Five Best Thursday Columns

Danny Meyer on NYC's rent problems, John Cochrane on Keynesian economics, Kevin Pho on doctor's high salaries, Bloomberg View on the NSA oversight report, and Dana Milbank on giving terrorists a fair trial.

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Danny Meyer at The New York Times on New York City's rent problemsThirty years ago, Meyer's Union Square Cafe helped launched a revitalization of a struggling Manhattan neighborhood and became the flagship of his now massive restaurant empire. Now he has to move, because he can no longer afford the rent. "It’s hard to come to grips with the notion that our success has, in part, contributed to our inability to remain in our neighborhood. There are neither victims nor villains in this story; no sympathy is being asked for, and no fingers are being pointed. But as a city, we’ve got a problem." He's not alone, as other restaurants and local businesses get priced out of the neighborhoods they helped create. "We need to consider the consequences of a city economy wired to spit out otherwise healthy businesses — establishments that helped to make it feel like New York in the first place."

John Cochrane at The Wall Street Journal on what Keynesian macroeconomic models can't solve. Cochrane, a Cato and Hoover Institution scholar, gets into a very wonky debate about the nature of our economic troubles. "Where macroeconomists differ, sharply, is on the causes of the post-recession slump and which policies might cure it. Broadly speaking, is the slump a lack of "demand," which monetary or fiscal stimulus can address, or one of structural sand-in-the gears that stimulus won't fix?" Cochrane says the economic models of New Keynesians all seem to arrive at the same solution — more government spending — but that won't fix deeper structural problems. "Even super-Keynesians note that five years of slump have let physical and human capital decay, which "demand" will not quickly reverse. But we are stuck in low gear. Though unemployment rates are returning to normal, many people are not even looking for work."

Kevin Pho at USAToday on why doctors aren't overpaid. A primary care physician admits that doctor salaries seem abnormally high in the U.S., but not surprisingly, he (like most doctors) doesn't think he's overpaid. "Context is needed when analyzing doctors' earnings. Rather than compare compensation figures among the U.S. and countries with dissimilar societies and economies, it's more useful to compare physicians' compensation relative to others in the top 5% of the income bracket. The talent pool that supplies doctors also likely produces other high earners: business executives and lawyers, for instance." More importantly Pho argues that cutting salaries won't do much to slash health care costs overall. "Let's not forget administrative costs such as the salaries of health insurance and hospital executives. They make up 20% to 30% of all health care costs. The average health insurer CEO base pay was $583,700; for a hospital administrator, $236,800 ... Princeton economist Uwe Reinhardt estimates doctor salaries constitute about 10% of total health costs."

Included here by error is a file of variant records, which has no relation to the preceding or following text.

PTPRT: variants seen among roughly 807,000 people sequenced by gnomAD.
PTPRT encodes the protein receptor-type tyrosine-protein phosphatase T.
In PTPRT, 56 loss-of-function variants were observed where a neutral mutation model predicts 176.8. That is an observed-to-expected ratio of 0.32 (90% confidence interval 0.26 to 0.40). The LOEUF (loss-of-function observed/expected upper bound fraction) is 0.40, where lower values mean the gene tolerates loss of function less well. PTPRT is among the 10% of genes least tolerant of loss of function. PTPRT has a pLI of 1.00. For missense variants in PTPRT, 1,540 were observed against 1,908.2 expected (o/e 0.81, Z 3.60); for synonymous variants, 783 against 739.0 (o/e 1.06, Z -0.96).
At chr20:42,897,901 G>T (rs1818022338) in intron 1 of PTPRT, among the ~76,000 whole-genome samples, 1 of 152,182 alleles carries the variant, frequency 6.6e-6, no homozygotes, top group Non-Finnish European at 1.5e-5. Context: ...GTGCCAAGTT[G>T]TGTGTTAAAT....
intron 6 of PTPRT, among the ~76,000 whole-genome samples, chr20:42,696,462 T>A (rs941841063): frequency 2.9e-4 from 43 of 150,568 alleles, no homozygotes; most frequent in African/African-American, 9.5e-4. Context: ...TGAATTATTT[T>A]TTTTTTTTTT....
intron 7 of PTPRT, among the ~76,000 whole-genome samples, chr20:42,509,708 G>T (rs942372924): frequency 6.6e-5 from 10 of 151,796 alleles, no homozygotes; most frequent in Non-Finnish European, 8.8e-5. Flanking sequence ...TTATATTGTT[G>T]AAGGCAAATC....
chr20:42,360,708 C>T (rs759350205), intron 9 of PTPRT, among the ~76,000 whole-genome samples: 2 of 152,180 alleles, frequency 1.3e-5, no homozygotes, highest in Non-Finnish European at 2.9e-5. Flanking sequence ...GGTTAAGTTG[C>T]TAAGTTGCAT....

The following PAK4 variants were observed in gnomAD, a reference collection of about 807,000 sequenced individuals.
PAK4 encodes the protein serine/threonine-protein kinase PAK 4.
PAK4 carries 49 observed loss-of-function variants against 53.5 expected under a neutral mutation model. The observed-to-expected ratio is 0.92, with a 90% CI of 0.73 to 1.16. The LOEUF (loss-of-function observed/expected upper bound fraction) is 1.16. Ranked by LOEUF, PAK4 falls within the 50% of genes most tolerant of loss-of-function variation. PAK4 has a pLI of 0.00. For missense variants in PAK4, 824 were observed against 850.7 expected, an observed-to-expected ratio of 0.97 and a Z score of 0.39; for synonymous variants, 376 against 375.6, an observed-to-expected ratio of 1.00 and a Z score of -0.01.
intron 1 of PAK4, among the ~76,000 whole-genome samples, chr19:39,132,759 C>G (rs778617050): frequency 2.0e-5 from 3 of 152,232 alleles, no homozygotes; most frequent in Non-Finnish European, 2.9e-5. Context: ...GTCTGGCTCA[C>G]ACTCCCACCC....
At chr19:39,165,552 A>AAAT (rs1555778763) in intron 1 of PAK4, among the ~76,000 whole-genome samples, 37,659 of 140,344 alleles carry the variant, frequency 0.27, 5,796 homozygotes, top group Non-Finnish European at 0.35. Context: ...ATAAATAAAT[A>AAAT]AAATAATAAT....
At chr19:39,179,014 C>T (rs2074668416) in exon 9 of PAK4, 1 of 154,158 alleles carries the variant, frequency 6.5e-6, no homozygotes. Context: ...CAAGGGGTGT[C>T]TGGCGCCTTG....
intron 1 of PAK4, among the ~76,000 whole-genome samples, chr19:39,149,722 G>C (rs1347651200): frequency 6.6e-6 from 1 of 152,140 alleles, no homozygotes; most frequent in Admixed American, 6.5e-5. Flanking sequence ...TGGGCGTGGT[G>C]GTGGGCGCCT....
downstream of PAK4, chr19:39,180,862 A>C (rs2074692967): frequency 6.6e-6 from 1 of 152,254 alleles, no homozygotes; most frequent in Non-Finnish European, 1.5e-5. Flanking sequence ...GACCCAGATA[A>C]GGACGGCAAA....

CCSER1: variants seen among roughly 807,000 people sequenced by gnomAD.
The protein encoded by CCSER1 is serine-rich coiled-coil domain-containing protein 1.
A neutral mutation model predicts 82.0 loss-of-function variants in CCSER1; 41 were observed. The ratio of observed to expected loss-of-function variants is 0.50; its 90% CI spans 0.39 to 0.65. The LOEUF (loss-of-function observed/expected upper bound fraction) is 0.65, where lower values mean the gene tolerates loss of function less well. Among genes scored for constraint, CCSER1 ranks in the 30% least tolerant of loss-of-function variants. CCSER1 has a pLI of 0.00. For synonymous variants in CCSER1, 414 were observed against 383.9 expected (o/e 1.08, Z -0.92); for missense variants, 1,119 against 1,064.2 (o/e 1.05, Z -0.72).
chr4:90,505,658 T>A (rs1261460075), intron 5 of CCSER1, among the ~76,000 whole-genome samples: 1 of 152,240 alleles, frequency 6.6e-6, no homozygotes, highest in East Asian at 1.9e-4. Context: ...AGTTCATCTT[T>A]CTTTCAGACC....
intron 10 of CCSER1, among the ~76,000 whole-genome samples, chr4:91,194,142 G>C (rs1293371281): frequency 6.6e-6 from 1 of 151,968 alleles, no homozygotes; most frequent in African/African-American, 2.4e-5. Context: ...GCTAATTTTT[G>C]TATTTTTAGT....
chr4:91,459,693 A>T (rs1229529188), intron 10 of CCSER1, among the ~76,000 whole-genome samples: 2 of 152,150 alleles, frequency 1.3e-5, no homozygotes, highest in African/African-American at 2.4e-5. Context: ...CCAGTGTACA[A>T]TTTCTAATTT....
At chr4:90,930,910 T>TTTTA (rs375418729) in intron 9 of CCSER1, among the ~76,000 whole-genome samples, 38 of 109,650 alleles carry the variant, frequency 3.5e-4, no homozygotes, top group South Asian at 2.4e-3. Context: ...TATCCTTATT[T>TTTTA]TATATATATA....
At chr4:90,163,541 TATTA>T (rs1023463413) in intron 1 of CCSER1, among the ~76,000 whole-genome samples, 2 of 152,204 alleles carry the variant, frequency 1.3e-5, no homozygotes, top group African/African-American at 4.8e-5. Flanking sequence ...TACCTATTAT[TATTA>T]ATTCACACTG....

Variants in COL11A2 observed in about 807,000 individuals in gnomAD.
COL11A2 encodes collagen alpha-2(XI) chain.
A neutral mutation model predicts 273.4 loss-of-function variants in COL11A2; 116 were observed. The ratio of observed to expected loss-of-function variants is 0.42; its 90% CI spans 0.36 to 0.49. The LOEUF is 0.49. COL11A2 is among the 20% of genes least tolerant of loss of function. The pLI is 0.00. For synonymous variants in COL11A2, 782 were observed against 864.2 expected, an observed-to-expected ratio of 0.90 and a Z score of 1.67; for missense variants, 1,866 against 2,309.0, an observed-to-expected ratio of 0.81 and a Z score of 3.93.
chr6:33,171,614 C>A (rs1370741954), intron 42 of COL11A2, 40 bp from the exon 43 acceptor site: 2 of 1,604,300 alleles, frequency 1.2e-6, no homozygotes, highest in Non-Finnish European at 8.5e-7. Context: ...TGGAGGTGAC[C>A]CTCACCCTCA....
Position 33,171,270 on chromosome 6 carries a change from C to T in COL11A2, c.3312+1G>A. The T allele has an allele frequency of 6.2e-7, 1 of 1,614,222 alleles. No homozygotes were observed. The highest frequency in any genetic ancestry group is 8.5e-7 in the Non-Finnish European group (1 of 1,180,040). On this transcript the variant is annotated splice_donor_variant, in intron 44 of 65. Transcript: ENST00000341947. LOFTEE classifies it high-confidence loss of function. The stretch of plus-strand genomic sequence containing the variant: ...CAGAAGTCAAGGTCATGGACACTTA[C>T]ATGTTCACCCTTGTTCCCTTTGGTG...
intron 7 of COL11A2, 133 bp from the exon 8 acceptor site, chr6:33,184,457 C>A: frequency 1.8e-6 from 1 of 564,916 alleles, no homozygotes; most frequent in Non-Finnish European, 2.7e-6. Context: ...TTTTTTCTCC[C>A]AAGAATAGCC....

Bloomberg View on the NSA's oversight review. A recent review of the NSA's actions found that their surveillance capabilities are vast and powerful, but not illegal. "Under this authority, the NSA gathers more than 250 million Internet communications a year. It can intercept information on 193 countries. In 2013 alone, it targeted nearly 90,000 foreign groups and individuals for surveillance. That's the kind of thing that infuriates U.S. allies. But it's legal, and much of it has proven quite valuable." The editors admit the NSA isn't flawless and Americans must remain watchful, but the intelligence agency is mostly doing its job well. "If intelligence agencies are intentionally sifting through these data for the content of specific Americans' communications, they should get a warrant — except in emergencies — just as the Constitution requires in all other cases."

Dana Milbank at The Washington Post on the Benghazi terror suspect's fair trial. Some have questioned the decision to try the alleged planner of the Benghazi consulate attack in civilian court rather than throw him in Guantanamo Bay, but Milbank says it's "more than the accused terrorist deserves, perhaps, but exactly what he’s entitled to in the American justice system." Milbank describes in detail the accommodations that were made for him, but says it's important for American justice to treat him better than he treated his victims. "The accused could see that he was represented by a legal team that vigorously challenged the government’s case. He could hear the judge making sure he understood his rights, and prosecutors assuring the judge they would share the evidence against Abu Khattala with the defense. As important, the world could see that the prisoner was treated with dignity."

This article is from the archive of our partner The Wire.